Tuesday, March 26, 2013

Holographic LCD reflector

Over 20 years ago, Dupont developed a clever polymer that could be used to create holograms.  One promising application was a reflective backing for LCD displays.

While in theory any color could be created, green became the dominant color because the human eye is very sensitive to green, and because holograms are created by using high power lasers.  Argon lasers were the predominant high power lasers back then, and they are very good at producing green light at 514nm.  The hologram at right was made with a 514 argon laser.

The holographic reflector appears 6x brighter to the eye than does the traditional silver background.  This is because the hologram directs most of the light towards the viewer rather than distributing it widely like the silver diffuser.

It is easy to add the holographic reflector to any LCD.  This weather radio came with the usual dull gray background. I disassembled the radio and peeled the silver diffuser off the back of the LCD.  Then I attached the hologram to the LCD using a transparent adhesive film.

Here is a Fluke multimeter that I modified, next to an unmodified one. The contrast between the modified and original radios was even greater.

Unfortunately, the idea never caught on.  Casio used it in some digital watches like this one, but I know of few other commercial applications.

Update:  A reader has supplied the following additional information:

Found your post on the DuPont holographic films. Nice descriptions and details. I was quite involved in the project. A correction if I may, the brightness enhancement films did catch on in a big way! Almost all of the Timex watches for 3-4 years, almost all of the higher end Motorola cell phones for 3-4 years, and many other applications. What ended the growth was the introduction of full color LCD's.

The diagram at left illustrates how this works.
Unlike a normal mirror which reflects light away at the same angle it is received, holograms can be designed to reflect light at any angle.  This property can be used to great advantage by reflecting ambient light at a different angle than the glare reflecting off the surface of the LCD display.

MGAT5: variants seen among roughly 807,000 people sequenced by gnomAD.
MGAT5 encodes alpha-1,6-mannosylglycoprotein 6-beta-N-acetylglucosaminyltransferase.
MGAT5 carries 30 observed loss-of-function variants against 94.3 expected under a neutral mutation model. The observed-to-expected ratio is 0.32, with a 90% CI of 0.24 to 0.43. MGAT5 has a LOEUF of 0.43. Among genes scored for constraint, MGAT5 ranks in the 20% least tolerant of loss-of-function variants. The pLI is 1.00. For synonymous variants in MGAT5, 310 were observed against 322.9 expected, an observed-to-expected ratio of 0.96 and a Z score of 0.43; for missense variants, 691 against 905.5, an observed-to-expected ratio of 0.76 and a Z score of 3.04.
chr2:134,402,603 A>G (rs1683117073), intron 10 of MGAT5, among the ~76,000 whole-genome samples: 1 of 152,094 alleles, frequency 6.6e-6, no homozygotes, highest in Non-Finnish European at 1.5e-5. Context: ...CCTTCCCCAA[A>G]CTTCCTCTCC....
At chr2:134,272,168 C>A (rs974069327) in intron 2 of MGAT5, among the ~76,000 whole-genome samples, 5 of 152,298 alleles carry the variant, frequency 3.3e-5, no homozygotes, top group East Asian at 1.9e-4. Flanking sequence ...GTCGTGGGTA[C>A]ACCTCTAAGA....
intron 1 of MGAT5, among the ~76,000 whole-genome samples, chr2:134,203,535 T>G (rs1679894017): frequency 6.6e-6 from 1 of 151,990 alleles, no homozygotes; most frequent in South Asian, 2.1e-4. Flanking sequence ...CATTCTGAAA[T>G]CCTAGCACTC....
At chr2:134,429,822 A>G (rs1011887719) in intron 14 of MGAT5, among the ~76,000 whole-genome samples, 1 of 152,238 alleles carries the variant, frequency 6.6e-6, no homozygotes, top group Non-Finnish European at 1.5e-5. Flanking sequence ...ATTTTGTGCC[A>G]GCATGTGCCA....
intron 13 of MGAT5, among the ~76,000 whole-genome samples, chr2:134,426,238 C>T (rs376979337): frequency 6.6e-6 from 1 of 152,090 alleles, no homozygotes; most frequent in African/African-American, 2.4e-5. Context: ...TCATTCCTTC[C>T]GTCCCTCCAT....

In the diagram, the glare from overhead light is reflected down, away from the viewer, while the green light from the hologram is directed towards the viewer. The result is the brilliant, high contrast display shown above.

 I have a few square feet of the stuff, and convert most  of my LCD displays.

Like most holograms, this hologram is a picture of something.  In this case, it is a picture of a ground glass plate illuminated by 2 laser beams from the same laser.  The hologram reflects light at the same angle that the laser beams were at when they illuminated the glass plate.  We would then make a master hologram from which copies could be made.
At right is a sheet of copies.  This picture was taken in a brightly lit room, but the holograms were so bright that the room appears dark.  one neat attribute of holograms is that they are nearly transparent.  Here is the exact same sheet when looking through it at the overhead lights that previously made it glow bright green. 

We tried other colors with limited success.  Here is a blue one.  Not nearly as effective as the green. The bright objects in the background easily wash out the weaker blue.

By combining red, green and blue lasers, we made some white ones.  However, even those did not perform as well as straight green, which can be seen shining  through the white one.

Finally, here is a picture of some scraps.  They only glow when viewed from the proper angle.  The ones that appear dark are pointed the wrong way.

 Years ago, someone had the idea of chopping these up and putting them into paint.  A good idea, for unlike dyes, holograms never fade.  Unfortunately I don't believe the inventor got very far with his idea.

One idea that DuPont and some automakers invested a lot of time in was a holographic center stoplight, or CHMSL, as it is known in the industry.  The idea was that a hologram in the rear window would glow red when the brakes were applied, but otherwise would be transparent.  While it worked, it had no real advantages over traditional stop lights.
Another, better idea was a transparent television set.  When not used, it appeared to be a somewhat foggy, but generally clear, window.  When turned on, the picture was quite good.  One idea was to use it to display advertisements in store windows, then let people also see inside.  Unfortunately I have seen little of that idea since then.

Sunday, March 10, 2013

Kohler K341 Engine Overhaul

 After 35 years of reliable operation, the Kohler engine in my John Deere 316 was beginning to burn a little bit of oil.  About a quart every 3 or 4 hours.  So, I decided to overhaul it and bought a kit which included a new piston, connecting rod, and valves.  Step one was disassembling and cleaning the parts. The engine was much dirtier on the outside than on the inside.